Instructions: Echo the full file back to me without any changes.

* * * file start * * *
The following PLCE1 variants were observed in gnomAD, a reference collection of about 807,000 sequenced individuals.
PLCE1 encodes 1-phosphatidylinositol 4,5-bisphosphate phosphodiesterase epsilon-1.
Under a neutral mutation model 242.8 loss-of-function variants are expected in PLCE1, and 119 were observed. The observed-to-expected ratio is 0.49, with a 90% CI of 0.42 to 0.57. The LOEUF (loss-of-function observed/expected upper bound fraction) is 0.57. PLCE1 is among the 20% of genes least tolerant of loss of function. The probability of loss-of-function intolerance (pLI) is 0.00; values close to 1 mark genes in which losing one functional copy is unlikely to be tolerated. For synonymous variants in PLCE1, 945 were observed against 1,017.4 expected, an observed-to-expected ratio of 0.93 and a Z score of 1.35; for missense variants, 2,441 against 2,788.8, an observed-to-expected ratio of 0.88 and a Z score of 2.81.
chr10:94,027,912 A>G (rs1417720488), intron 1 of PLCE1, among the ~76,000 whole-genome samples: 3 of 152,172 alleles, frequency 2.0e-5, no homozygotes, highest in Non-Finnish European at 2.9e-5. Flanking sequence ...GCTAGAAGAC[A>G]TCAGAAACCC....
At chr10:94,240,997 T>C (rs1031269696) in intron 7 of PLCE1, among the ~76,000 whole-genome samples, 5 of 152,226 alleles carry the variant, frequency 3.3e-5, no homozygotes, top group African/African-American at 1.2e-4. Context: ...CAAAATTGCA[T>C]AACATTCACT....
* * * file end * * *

The following PLCE1 variants were observed in gnomAD, a reference collection of about 807,000 sequenced individuals.
PLCE1 encodes 1-phosphatidylinositol 4,5-bisphosphate phosphodiesterase epsilon-1.
Under a neutral mutation model 242.8 loss-of-function variants are expected in PLCE1, and 119 were observed. The observed-to-expected ratio is 0.49, with a 90% CI of 0.42 to 0.57. The LOEUF (loss-of-function observed/expected upper bound fraction) is 0.57. PLCE1 is among the 20% of genes least tolerant of loss of function. The probability of loss-of-function intolerance (pLI) is 0.00; values close to 1 mark genes in which losing one functional copy is unlikely to be tolerated. For synonymous variants in PLCE1, 945 were observed against 1,017.4 expected, an observed-to-expected ratio of 0.93 and a Z score of 1.35; for missense variants, 2,441 against 2,788.8, an observed-to-expected ratio of 0.88 and a Z score of 2.81.
chr10:94,027,912 A>G (rs1417720488), intron 1 of PLCE1, among the ~76,000 whole-genome samples: 3 of 152,172 alleles, frequency 2.0e-5, no homozygotes, highest in Non-Finnish European at 2.9e-5. Flanking sequence ...GCTAGAAGAC[A>G]TCAGAAACCC....
At chr10:94,240,997 T>C (rs1031269696) in intron 7 of PLCE1, among the ~76,000 whole-genome samples, 5 of 152,226 alleles carry the variant, frequency 3.3e-5, no homozygotes, top group African/African-American at 1.2e-4. Context: ...CAAAATTGCA[T>C]AACATTCACT....